But the Electronic Transactions Law 2004, which formed an Electronic Transactions Central Body and Supervisory Body, also says that if the provisions of existing laws are against this Law, that Law takes precedence. How are the telecommunications industry or the courts supposed to interpret two separate pieces of legislation that both claim supremacy over the other?

Putting Articles in Bills of this nature is a slightly lazy alternative to properly reviewing and repealing Laws that may be contradictory, and points to the need for a proper pre-legislative review of existing Laws before new legislation is drafted.

Article 60 of the Bill says the Commission can exercise the provisions of Chapters 16, 17 and 18 of the Telecommunications Law 2013. Those chapters concern administrative penal-ties, formation of the appellate body and penalties.

In the Telecommunications Law, those who are dissatisfied with the decisions of the Posts and Telecommunications Department can make an appeal to the Ministry and from there, to an appellate body formed by the Union Government.

However, under the new Bill, if the Department is to become the administrative office for the new Commission it is left unclear whether the Ministry, or the Commission, will hear ap-peals. Before approving the Bill, these issues should be examined closely.

(2) Should existing laws be amended/ revoked?

The Electronic Transactions Law 2004 is outdated, passed during the Military Junta by the State Peace & Development Council. It is widely viewed as a law designed to control and suppress media freedom. Therefore, the legislature should consider whether discussion of this new Bill creates an opportunity to repeal the 2004 law, or combine it with the forthcom-ing Cyber Security Law.

Similarly, Article 66(d) of the Telecommunications Law 2013 has been widely abused to curtail freedom of expression. Could this new Bill present an opportunity to repeal this arti-cle which is so open to abuse by authorities looking to deny people their rights?

(3) Is the law necessary?

As the country is heading towards a market-oriented economy, the information and tele-communication sector needs a coordinating body to ensure a level playing field for competi-tion and to ensure consumer choice. However, the creation of such a body does not neces-sarily mean a new/separate law.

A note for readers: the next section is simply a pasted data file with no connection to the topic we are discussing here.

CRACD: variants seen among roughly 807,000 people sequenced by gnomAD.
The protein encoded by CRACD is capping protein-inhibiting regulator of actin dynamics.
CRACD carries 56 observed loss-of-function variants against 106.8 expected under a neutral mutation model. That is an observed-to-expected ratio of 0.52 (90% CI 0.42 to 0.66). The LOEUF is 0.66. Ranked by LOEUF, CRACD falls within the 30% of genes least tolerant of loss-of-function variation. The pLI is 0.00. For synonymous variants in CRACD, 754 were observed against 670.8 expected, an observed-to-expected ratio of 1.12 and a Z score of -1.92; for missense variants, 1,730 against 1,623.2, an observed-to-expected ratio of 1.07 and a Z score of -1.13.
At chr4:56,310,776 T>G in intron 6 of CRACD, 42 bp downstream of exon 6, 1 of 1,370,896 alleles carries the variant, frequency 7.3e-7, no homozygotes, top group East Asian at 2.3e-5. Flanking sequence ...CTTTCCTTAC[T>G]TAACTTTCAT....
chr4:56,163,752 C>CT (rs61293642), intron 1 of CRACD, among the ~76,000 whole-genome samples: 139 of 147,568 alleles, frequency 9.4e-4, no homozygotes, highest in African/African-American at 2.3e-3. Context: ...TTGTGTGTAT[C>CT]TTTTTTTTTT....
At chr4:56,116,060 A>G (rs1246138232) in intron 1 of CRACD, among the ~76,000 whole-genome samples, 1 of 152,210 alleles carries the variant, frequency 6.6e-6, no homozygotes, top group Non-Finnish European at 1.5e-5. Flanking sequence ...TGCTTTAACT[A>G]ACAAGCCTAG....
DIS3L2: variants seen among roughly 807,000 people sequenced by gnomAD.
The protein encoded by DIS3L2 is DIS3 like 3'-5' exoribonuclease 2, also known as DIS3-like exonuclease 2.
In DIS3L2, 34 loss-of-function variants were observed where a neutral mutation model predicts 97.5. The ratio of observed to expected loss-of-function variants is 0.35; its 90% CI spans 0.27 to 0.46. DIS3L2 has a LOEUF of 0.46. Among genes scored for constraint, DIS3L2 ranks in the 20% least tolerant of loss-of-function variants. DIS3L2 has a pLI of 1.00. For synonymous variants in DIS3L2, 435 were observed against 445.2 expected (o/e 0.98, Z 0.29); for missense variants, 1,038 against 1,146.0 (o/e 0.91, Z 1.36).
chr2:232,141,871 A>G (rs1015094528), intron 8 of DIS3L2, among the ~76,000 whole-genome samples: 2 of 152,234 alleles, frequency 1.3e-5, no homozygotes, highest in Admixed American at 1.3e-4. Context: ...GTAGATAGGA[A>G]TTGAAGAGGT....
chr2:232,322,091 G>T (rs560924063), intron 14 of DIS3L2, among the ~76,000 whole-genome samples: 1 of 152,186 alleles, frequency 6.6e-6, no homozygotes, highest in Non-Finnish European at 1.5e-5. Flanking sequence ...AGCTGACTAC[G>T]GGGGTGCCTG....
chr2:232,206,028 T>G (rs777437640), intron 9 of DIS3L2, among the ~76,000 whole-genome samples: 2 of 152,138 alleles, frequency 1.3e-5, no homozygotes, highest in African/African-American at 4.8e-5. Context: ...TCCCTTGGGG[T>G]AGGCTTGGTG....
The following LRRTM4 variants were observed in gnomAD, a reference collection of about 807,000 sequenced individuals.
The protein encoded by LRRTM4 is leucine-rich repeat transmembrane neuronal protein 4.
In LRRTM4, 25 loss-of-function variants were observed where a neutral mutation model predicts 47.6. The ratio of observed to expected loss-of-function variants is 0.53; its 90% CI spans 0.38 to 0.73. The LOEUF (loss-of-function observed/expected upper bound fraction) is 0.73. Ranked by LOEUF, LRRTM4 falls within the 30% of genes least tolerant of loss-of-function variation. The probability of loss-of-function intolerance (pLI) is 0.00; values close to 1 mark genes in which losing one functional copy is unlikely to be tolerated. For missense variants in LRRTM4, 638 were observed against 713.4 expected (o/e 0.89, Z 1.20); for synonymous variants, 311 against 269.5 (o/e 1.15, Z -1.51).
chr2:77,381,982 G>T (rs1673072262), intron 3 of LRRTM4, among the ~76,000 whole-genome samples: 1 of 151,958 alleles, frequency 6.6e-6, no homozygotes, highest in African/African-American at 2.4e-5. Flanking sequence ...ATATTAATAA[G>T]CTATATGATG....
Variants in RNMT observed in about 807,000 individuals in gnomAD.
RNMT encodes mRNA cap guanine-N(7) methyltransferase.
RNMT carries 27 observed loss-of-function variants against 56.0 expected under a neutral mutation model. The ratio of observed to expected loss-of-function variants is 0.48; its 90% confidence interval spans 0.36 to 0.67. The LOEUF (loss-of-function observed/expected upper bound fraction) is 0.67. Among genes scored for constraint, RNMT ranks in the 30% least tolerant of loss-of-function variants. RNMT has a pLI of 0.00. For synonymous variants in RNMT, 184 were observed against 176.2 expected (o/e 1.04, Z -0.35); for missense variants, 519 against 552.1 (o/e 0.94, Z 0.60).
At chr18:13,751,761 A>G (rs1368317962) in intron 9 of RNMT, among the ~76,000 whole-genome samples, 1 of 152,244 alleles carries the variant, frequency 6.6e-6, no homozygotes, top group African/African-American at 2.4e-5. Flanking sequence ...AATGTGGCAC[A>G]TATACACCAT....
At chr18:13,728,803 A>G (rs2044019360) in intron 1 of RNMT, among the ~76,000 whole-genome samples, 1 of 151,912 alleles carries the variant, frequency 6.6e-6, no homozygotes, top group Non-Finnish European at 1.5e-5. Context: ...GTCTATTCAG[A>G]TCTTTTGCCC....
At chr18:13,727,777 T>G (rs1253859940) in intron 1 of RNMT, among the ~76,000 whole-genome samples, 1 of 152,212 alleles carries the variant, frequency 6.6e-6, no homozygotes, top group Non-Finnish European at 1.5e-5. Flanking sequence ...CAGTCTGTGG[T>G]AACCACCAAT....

The current Myanmar Telecommunication Commission was formed with Announcement No. 125/2015 of the Union Government. Its formation was stipulated in Article 86 of the Tele-communications Law. The Article identified the need to form an independent Myanmar Tel-ecommunication Commission, albeit without setting out exact procedures. The Union Gov-ernment announcement in 2015 placed a duty on the existing commission to draw up a law to create the new Commission. Did this announcement override the provisions of the Tele-communications Law?

Also, the formation of the National Telecommunications Advisory Committee was made with Announcement No. 19/2014 of the Ministry of Communications, Post and Telegraph. Does this precedent mean that the Myanmar Telecommunication Commission can be created through a government announcement rather than with a new law? And if legislation is re-quired, it would seem more straightforward to amend the Telecommunications Law so that it incorporates the formation of the commission, rather than to draw up a separate/new law.

Lastly, one could be forgiven for wondering what this unusual process is really all about. What is the purpose of creating a new Union Minister level position? Why is the government appearing to bypass the authority of the MoTC? What is the purpose of creating commis-sions to create commissions to create commissions? Such strange goings-on lead us wonder what is really happening in the corridors of power.